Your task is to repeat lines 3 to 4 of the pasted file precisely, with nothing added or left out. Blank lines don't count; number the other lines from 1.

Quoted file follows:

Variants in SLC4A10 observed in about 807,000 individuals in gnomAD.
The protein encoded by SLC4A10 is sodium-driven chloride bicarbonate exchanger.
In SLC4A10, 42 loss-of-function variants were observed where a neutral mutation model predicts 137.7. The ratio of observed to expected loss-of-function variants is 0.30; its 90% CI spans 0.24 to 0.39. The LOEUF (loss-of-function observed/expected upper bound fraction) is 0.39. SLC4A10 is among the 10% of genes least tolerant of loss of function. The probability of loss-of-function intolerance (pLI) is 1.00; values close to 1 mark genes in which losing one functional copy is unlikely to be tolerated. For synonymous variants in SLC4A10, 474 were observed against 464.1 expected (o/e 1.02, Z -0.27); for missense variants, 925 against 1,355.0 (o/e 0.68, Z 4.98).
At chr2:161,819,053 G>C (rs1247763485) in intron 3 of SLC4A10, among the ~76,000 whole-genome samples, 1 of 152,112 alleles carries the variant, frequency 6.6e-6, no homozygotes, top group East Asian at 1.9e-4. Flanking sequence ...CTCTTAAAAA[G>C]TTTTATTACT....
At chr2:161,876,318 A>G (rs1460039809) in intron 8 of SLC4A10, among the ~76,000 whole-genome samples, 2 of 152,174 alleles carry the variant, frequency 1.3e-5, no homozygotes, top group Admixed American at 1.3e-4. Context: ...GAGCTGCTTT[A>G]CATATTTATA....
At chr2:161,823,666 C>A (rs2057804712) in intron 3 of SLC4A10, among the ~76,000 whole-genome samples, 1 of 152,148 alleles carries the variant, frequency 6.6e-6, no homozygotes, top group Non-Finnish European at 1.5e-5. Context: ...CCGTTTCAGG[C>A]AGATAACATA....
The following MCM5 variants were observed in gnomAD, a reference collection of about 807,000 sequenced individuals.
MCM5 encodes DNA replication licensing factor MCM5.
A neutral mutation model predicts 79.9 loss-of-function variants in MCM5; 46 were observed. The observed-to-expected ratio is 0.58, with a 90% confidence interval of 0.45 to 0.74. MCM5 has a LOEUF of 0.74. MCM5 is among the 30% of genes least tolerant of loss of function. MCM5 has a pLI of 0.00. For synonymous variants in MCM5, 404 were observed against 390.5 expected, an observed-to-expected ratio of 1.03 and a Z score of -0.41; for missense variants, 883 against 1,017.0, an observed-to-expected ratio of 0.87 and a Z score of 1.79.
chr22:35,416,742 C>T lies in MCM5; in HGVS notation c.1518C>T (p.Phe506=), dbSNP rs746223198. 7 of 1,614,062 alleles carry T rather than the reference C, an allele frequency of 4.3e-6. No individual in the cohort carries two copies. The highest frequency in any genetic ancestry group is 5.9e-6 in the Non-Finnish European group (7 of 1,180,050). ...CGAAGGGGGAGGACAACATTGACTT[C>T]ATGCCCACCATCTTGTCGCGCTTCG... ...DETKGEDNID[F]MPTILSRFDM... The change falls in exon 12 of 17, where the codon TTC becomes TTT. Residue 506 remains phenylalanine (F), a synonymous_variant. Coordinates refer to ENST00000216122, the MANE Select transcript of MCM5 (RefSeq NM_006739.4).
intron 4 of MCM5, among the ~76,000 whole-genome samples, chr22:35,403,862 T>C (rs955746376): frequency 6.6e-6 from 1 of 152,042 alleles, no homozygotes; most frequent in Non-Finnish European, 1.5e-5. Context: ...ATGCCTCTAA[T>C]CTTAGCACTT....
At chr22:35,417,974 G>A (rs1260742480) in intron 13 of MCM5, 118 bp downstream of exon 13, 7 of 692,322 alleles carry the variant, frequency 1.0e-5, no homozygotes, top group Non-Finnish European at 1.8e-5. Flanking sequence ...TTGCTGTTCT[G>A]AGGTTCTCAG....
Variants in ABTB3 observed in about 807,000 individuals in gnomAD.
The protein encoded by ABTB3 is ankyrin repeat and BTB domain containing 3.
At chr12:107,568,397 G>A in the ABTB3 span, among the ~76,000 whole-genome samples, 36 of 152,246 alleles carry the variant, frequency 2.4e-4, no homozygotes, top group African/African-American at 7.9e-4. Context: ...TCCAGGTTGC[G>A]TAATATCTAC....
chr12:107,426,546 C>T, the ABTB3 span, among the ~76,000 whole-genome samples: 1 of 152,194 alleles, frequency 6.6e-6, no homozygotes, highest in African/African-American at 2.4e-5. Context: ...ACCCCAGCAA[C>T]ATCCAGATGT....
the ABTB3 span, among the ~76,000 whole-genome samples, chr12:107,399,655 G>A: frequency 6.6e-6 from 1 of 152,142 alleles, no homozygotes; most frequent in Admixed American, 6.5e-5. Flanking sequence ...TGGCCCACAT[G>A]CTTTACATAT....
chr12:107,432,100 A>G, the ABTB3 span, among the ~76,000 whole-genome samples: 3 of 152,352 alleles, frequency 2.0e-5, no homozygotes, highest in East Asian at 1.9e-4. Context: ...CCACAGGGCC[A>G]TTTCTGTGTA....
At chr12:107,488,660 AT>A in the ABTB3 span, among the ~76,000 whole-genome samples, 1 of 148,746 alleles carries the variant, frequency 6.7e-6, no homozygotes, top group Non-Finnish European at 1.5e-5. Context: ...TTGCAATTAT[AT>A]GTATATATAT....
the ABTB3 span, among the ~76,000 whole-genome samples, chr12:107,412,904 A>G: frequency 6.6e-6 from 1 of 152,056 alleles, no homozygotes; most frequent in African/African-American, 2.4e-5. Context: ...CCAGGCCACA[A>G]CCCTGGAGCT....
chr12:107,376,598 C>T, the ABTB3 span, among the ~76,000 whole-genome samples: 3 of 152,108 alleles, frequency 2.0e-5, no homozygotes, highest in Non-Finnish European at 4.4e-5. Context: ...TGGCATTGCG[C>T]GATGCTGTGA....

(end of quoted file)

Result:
In SLC4A10, 42 loss-of-function variants were observed where a neutral mutation model predicts 137.7. The ratio of observed to expected loss-of-function variants is 0.30; its 90% CI spans 0.24 to 0.39. The LOEUF (loss-of-function observed/expected upper bound fraction) is 0.39. SLC4A10 is among the 10% of genes least tolerant of loss of function. The probability of loss-of-function intolerance (pLI) is 1.00; values close to 1 mark genes in which losing one functional copy is unlikely to be tolerated. For synonymous variants in SLC4A10, 474 were observed against 464.1 expected (o/e 1.02, Z -0.27); for missense variants, 925 against 1,355.0 (o/e 0.68, Z 4.98).
At chr2:161,819,053 G>C (rs1247763485) in intron 3 of SLC4A10, among the ~76,000 whole-genome samples, 1 of 152,112 alleles carries the variant, frequency 6.6e-6, no homozygotes, top group East Asian at 1.9e-4. Flanking sequence ...CTCTTAAAAA[G>C]TTTTATTACT....